Therefore, even if we have a highly ambitious employee who works diligently, they will consistently achieve around 80% but are unlikely to ever reach 100%. Simply because they will be afraid to take significant risks and try something new. So, in effect, instead of OKRs, you get the traditional KPIs, and bonuses you will pay for reaching 60%, not the usual 100%.

On the other hand, if we detach bonuses from the percentage of goal achievement, the same ambitious employees will be willing to take bold experiments. What can this lead to? Sometimes they may achieve only 40% of the OKR simply because not all their experiments will be successful, but other times they may skyrocket to 180% due to growth-oriented approaches.
So, if we understand that it’s harmful to link monetary motivation to OKRs, two questions remain:
1. How do we motivate people to work most effectively?

2. How do we handle bonus payments then?
Researchers such as Peter Drucker, Carnegie Mellon University, and many others already addressed both of these questions in their studies, even in the last century, but I’ll provide a brief summary.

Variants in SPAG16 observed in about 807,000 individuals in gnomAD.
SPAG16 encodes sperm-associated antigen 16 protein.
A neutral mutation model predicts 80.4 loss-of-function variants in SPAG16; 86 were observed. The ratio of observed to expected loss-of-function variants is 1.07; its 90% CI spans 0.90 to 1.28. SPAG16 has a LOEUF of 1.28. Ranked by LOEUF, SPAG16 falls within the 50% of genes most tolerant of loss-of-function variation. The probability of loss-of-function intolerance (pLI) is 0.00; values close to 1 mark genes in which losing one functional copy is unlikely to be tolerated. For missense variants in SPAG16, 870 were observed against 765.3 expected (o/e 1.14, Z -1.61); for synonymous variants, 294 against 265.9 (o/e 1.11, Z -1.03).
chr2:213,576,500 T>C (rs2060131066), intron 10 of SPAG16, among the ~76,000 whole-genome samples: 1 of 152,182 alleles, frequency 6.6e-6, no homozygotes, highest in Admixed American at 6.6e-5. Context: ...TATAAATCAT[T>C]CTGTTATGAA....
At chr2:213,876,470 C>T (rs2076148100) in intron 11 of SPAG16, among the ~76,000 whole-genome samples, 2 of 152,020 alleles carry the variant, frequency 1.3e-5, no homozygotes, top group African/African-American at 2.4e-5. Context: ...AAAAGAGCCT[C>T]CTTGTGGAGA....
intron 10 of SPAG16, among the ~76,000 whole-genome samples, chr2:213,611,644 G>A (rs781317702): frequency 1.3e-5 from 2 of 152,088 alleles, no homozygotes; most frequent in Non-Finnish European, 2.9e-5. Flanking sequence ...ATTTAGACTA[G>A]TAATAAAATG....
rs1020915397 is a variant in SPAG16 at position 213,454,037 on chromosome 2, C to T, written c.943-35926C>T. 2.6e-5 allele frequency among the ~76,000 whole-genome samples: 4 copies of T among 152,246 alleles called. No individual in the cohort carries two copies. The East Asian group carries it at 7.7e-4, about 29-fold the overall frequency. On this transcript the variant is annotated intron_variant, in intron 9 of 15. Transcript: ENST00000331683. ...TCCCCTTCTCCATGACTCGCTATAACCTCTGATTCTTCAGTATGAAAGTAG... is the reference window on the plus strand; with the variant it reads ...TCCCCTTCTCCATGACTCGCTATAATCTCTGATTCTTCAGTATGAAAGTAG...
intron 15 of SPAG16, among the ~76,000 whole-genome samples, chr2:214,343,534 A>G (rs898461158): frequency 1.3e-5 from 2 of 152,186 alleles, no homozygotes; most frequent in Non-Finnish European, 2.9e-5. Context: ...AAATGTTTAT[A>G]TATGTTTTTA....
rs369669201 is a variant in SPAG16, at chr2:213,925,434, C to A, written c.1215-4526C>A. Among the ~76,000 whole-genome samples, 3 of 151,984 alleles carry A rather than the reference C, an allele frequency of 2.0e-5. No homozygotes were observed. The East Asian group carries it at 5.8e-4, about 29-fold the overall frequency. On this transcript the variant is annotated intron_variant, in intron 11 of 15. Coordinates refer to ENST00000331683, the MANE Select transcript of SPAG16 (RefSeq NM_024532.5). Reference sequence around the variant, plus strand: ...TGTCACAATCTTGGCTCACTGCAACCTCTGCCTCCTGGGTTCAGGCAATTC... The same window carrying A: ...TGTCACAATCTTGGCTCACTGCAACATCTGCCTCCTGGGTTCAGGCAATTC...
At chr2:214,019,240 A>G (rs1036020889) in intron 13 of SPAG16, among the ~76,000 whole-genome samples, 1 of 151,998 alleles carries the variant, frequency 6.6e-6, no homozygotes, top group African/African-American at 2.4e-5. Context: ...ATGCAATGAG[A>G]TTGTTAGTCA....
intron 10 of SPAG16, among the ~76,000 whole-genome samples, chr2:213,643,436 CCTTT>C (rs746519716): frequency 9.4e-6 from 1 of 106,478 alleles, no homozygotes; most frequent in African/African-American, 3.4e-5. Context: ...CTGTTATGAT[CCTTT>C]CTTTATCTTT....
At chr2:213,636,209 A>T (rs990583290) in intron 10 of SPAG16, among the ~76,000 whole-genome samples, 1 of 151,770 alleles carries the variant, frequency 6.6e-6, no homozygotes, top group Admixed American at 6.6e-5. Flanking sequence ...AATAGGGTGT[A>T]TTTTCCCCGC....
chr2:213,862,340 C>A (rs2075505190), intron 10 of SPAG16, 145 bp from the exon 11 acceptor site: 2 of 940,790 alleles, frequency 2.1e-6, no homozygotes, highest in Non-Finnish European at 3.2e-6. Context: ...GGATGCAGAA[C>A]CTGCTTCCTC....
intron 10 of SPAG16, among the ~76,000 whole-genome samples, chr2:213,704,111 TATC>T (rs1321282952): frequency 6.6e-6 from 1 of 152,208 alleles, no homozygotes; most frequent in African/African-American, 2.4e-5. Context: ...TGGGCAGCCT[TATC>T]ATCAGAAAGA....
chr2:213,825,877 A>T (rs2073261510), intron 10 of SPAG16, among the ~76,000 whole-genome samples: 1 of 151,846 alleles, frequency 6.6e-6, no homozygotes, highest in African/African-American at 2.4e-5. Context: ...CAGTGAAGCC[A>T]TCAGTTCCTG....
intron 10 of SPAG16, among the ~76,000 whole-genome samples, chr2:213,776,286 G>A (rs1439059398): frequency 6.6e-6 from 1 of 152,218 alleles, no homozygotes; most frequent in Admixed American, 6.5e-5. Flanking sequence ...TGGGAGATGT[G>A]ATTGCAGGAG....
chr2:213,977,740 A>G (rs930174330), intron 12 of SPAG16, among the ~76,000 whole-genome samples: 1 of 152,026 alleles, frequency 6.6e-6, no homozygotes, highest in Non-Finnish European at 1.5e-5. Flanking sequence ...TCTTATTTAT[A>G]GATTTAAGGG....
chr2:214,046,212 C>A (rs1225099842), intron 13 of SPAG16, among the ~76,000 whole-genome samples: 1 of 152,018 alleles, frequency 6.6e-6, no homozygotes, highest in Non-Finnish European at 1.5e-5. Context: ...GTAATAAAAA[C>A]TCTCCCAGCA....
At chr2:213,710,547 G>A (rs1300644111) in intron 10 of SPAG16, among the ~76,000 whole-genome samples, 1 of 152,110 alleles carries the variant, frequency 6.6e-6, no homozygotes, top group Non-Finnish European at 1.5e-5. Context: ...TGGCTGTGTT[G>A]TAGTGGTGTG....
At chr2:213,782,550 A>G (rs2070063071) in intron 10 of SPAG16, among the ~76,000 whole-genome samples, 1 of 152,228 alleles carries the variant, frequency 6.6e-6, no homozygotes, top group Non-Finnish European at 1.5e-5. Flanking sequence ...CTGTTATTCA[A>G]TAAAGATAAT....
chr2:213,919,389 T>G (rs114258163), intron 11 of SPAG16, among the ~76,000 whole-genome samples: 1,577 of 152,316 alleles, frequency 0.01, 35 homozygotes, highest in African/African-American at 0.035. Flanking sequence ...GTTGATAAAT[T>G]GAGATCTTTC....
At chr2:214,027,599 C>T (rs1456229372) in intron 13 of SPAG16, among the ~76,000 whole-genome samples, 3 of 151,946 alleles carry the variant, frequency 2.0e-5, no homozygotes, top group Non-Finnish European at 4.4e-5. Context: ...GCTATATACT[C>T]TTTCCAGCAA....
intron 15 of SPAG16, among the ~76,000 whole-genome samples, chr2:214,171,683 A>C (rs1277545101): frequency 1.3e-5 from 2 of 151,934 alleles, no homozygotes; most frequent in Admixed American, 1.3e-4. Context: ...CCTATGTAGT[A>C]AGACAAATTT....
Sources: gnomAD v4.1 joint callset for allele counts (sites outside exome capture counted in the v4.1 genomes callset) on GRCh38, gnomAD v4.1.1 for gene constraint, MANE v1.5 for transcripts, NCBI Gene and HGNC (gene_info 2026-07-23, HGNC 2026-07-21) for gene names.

Studies have shown that monetary motivation works well only for tasks that are fairly mechanical and don’t require a highly creative approach. For example, it can work in assembly line work following instructions, or scripted sales. But when it comes to creating new products, conquering significant market parts, and similar cases, the approach “just work harder” unfortunately doesn’t work.
In such situations, non-monetary — intrinsic — motivation works better. In Dan Pink’s book “Drive: The Surprising Truth About What Motivates Us” identifies three major factors: inspiring purpose, autonomy, and mastery.
The OKR system indeed strongly supports the first two factors.
OKRs should inspire employees to achieve and help them understand how and what their goals impact when achieved.
The approach of bi-directional goal-setting, where teams independently set 60% of their objectives, ensures the autonomy factor for these teams.
At this point, any experienced manager may wonder: “I’ve provided intrinsic motivation, but the employee still underperforms. How can OKR help me?”
OKR won’t help in such cases… However, the problem is that de-bonusing won’t help either.
In such situations, I always meet with the employee one-on-one and try to understand, in a trusting conversation, what the reasons might be. The reasons can be very diverse, but in most cases, it’s within your power to address these issues or assist the employee in resolving them. For one of my employees, a series of three conversations led to a 20-fold increase in productivity, and this was a programmer, not a salesman.